May 18, 2010 > Local students win national math competition
Local students win national math competition
By Alyson Whitaker
Photos By courtesy of Raytheon Photographers
Question: "To play the following game, you start with $1. With each move, you can either double your money or add $1 to it. What is the smallest number of moves you have to make to get to exactly $200?" (See answer at bottom)
Stumped? Join the club! But four local middle school students recently solved this problem along with dozens of others as a team, winning the title of National Team Champions at the 27th annual MATHCOUNTS Competition.
Lewis Chen and Aaron Lin, both from Hopkins Junior High School in Fremont, along with Douglas Chen (Cupertino), and Eugene Chen (Pleasanton) represented California at the national math competition in Lake Buena Vista, Florida on May 7. After a rigorous day of individual and team competition, the four 8th graders were on the edge of their seats as the top ten teams were announced. When their names were announced as winners, their reaction was a mix of elation and disbelief!
Much like a spelling bee or science competition, the MATHCOUNTS Competition begins on a local level at middle schools all over the country. To advance to the national competition, students had to not only place in the top four of their peers during their state competition in March, but they also had to advance through local and chapter competitions. Because California covers such a large geographical area, two state competitions were held simultaneously-north and south-and results from both were compiled. All four top finishers were from Bay Area schools!
California team coach, Donna Phair, is a math teacher at Hopkins Junior High School in Fremont. Her love of math is contagious, and she strives to help students apply math concepts to real life problems. "It would be very nice if life was filled with multiple choice answers... but it's not!" she says. Learning the steps to identify a problem and then come up with an equation to solve it helps students prepare for adulthood in a very tangible way.
Mrs. Phair's math enrichment program at Hopkins begins early in the year for both 7th and 8th graders. Through fun and interesting math concepts, she builds upon what is being taught in their grade level math courses. She also helps students prepare for math competitions, including MATHCOUNTS.
MATHCOUNTS is America's only nationwide enrichment, coaching, club, and competition program that motivates and rewards middle school students for outstanding math achievement. Through fun and challenging math programs, MATHCOUNTS has helped over 6 million students develop critical thinking and problem-solving skills through participation in the program. Currently, the organization distributes program information, curriculum, and materials to over 48,000 middle schools.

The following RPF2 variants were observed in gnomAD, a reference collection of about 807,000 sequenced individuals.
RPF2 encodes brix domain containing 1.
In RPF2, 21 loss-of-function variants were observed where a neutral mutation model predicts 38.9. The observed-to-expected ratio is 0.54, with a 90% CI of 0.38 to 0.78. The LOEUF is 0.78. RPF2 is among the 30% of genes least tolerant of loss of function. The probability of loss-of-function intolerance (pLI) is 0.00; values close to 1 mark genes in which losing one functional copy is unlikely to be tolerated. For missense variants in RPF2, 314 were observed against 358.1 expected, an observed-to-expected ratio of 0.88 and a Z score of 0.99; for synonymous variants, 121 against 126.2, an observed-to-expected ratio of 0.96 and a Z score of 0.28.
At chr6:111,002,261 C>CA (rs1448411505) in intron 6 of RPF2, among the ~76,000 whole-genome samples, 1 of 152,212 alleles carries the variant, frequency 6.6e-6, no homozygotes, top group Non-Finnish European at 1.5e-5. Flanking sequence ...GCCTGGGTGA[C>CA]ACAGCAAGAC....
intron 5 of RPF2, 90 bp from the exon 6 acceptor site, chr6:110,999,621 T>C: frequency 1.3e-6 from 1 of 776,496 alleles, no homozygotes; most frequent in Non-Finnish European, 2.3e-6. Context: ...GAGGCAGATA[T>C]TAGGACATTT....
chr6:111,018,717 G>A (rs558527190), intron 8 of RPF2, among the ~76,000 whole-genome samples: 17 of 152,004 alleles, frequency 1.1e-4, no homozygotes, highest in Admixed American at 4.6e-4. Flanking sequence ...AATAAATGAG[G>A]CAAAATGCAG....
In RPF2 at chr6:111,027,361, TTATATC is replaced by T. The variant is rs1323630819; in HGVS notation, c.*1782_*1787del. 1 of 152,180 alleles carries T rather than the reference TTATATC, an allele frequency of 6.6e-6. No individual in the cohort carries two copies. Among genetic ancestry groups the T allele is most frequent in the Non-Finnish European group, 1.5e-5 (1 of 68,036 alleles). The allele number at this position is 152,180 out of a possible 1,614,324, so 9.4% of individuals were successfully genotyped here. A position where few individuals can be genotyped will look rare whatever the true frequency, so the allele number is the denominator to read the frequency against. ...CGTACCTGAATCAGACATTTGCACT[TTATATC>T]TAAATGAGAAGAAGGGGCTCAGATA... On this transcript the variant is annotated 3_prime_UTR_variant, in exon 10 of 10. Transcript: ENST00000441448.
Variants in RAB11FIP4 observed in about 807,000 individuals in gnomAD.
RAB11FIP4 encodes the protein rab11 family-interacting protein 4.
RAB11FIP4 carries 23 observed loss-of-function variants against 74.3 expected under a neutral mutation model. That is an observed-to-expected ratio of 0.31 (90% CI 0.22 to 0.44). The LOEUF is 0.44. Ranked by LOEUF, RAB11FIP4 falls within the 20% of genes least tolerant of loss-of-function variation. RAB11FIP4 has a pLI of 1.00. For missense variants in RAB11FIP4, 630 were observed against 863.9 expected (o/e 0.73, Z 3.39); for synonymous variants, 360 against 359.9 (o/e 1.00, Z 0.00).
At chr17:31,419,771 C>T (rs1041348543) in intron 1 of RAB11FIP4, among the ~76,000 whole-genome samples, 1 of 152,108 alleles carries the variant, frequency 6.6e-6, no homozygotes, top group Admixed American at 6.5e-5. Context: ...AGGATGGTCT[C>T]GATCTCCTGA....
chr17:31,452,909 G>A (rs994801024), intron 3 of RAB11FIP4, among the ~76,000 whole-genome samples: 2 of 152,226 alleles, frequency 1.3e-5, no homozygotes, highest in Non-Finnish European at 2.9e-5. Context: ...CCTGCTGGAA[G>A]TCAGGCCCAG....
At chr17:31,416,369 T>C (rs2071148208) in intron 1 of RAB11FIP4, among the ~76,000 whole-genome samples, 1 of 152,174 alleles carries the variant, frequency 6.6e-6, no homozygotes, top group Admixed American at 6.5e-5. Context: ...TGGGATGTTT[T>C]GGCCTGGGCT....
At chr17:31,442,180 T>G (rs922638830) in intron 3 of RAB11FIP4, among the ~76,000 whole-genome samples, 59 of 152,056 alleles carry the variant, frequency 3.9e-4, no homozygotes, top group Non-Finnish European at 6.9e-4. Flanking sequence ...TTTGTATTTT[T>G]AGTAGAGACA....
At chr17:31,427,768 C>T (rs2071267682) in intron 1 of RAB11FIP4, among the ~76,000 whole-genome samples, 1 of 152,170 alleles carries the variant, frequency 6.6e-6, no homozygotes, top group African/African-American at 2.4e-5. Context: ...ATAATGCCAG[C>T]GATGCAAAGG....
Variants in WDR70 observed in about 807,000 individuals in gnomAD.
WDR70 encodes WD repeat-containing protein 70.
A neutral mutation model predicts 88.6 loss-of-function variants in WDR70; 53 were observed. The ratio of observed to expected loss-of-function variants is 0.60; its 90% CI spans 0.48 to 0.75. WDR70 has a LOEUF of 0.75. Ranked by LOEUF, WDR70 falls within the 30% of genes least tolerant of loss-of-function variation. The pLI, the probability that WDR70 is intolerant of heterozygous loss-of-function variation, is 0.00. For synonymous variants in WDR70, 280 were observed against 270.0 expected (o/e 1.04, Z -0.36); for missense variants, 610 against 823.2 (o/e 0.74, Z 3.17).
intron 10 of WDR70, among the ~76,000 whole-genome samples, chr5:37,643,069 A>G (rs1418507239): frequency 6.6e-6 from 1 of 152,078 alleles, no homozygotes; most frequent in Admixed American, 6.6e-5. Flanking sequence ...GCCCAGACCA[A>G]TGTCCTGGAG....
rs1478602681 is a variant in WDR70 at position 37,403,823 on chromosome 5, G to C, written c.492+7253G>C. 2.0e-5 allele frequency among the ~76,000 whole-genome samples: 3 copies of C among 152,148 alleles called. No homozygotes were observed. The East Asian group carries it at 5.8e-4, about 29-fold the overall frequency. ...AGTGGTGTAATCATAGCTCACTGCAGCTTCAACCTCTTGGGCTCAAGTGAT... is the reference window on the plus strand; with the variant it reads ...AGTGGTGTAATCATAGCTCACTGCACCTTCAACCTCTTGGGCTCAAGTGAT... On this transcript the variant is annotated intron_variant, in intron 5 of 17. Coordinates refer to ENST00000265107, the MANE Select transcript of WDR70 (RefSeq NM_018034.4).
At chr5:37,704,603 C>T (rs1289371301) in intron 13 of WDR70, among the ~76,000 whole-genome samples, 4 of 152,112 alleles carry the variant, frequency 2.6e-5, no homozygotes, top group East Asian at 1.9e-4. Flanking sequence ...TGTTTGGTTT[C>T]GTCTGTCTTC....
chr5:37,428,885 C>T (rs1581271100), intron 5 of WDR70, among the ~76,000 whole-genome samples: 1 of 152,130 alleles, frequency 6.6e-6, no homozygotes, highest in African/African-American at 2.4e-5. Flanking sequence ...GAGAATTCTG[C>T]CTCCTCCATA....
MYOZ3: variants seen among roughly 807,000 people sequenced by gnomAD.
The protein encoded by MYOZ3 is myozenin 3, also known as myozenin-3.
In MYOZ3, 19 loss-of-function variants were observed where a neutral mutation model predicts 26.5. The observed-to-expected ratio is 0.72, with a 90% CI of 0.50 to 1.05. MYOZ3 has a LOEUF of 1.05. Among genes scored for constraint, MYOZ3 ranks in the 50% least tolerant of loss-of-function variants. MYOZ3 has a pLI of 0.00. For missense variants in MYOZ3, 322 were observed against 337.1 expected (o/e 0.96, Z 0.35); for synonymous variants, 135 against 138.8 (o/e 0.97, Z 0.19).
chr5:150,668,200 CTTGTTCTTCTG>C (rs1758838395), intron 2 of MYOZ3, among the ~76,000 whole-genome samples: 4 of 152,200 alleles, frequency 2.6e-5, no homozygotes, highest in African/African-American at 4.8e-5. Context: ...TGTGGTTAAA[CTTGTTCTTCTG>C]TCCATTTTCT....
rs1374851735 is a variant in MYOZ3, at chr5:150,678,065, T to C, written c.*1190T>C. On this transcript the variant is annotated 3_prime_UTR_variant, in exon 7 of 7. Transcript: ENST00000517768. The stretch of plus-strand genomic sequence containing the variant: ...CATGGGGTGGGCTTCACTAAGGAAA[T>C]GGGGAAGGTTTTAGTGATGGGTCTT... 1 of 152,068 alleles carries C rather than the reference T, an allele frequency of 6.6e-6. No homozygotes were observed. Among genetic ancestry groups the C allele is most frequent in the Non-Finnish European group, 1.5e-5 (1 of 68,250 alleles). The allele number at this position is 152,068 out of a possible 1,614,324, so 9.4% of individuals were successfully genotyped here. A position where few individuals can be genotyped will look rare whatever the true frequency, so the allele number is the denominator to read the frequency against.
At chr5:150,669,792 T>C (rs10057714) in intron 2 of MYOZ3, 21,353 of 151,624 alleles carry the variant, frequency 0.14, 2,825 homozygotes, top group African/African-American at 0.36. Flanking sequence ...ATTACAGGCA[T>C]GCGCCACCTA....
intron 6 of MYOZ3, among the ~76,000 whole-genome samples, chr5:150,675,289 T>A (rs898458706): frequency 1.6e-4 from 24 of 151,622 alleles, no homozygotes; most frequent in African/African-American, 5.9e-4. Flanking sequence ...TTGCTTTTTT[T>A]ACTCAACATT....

The lead sponsor of the competition is Raytheon Corp. The company has just signed on to continue as head sponsor through 2015. Chairman and CEO William Swanson was the honorary chairman at the 2010 MATHCOUNTS Competition. "Mathematics is the common language of our world, and it is a path to our future. My greatest wish is that the students will remember the excitement of this competition and continue to use math throughout their studies and in their exciting careers to come."
Just as if training for a sporting event, the "mathletes" go through very intensive training in preparation for the competition. They practiced solving thousands of word problems, learning shortcuts for identifying equations and the quickest way to solve a problem. Lewis, Eugene, Aaron, and Douglas practiced individually and as a team several days a week leading up to their all-expense paid trip to Florida.
The persistence paid off-each member of the team was awarded a $2,000 scholarship, along with a paid trip to space camp this summer. They will also be flown back to Washington, D.C. to meet President Obama later this year.
With the knowledge, critical thinking skills, and teamwork developed through this experience, these boys are sure to be able to solve any problem that comes their way!
Still trying to figure out the answer to the problem at the beginning? The answer is 9 moves (1-2-3-6-12-24-25-50-100-200)!